Time: 6:30 - 7:30pm
Venue: Drapers' Theatre, Geography Building, Mile End Campus
'Professional autonomy: Help, hindrance, or right?'
Autonomy, especially professional autonomy naturally generates tensions in contexts of knowledge production. In sectors such as academia, biomedicine and expert services these tensions are manifest in the interplay between professional practices and organizational/institutional arrangements. The exercise of professional autonomy can therefore simultaneously drive innovation, create barriers to collaborative working, and challenge institutional governance arrangements. Each of these tensions will be explored by adopting cultural, temporal and philosophical lenses. In doing so, the overriding aim is to re-think the complex nature of 21st century knowledge work and the implications for knowledge production.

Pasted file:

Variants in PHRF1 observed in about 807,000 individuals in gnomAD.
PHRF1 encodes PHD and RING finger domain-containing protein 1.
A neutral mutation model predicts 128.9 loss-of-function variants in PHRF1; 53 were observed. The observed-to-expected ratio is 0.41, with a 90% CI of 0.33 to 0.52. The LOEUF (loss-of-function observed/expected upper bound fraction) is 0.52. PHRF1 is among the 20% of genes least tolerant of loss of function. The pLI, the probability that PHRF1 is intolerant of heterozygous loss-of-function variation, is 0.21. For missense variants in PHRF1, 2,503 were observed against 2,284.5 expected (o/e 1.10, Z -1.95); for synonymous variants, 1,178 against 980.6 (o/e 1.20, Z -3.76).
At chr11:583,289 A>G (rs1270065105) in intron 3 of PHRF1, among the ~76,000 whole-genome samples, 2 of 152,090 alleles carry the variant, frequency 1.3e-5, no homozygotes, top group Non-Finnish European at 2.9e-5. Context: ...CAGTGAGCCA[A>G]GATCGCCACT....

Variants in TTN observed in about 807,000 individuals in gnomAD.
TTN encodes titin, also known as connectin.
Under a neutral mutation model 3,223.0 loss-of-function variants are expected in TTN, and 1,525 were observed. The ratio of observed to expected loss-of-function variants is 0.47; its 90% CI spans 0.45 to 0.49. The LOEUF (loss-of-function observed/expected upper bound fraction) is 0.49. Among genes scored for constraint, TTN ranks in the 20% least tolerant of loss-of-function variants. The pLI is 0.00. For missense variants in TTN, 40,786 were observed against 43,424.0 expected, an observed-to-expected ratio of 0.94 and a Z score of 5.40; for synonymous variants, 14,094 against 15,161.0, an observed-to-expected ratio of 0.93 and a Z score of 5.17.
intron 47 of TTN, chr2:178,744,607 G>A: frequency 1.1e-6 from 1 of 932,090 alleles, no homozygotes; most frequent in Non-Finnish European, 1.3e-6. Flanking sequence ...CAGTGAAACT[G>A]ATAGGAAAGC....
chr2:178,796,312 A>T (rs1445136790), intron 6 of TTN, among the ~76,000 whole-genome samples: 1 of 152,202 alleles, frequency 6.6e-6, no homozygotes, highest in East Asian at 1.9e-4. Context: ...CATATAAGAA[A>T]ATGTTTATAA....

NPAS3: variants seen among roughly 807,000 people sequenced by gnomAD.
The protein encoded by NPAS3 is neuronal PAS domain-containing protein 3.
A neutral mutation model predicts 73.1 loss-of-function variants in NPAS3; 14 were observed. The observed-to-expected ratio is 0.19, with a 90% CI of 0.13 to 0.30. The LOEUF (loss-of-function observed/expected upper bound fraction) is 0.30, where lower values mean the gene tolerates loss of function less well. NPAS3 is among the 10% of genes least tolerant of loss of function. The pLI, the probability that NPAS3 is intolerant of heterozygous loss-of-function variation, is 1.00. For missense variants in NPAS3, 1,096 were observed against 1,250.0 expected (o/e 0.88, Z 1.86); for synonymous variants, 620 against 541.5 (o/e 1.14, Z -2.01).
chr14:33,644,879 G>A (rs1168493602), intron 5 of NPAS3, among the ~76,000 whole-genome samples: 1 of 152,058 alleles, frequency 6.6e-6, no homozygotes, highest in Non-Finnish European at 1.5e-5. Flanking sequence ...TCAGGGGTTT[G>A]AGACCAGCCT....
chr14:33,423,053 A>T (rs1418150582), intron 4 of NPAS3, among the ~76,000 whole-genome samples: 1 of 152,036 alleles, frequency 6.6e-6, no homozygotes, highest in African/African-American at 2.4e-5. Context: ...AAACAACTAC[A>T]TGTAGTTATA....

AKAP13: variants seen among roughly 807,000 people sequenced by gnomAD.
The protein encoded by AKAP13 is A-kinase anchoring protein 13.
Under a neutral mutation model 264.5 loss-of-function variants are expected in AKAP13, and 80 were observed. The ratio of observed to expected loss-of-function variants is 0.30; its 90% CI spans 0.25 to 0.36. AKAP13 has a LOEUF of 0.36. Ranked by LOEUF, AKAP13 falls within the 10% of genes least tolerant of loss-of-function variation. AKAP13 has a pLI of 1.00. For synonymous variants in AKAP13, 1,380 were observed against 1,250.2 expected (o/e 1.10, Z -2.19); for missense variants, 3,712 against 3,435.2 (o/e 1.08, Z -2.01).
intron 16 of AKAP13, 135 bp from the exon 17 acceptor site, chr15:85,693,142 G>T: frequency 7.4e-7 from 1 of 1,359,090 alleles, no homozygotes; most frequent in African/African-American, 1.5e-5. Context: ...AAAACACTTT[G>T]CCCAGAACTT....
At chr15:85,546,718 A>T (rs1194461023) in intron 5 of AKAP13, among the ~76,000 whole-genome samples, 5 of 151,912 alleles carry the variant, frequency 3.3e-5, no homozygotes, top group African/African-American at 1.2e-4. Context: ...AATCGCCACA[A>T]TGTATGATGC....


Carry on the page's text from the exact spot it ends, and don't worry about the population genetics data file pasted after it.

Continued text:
Maxine Robertson is Professor of Innovation and Organisation. She studied for a BSc in Management Science, MA in Industrial Relations and PhD in Organizational Theory at Warwick Business School. She lectured at Warwick until 2005. In 2007 she joined Queen Mary, University of London. She is co-author of Managing Knowledge Work and Innovation published by Palgrave in 2009.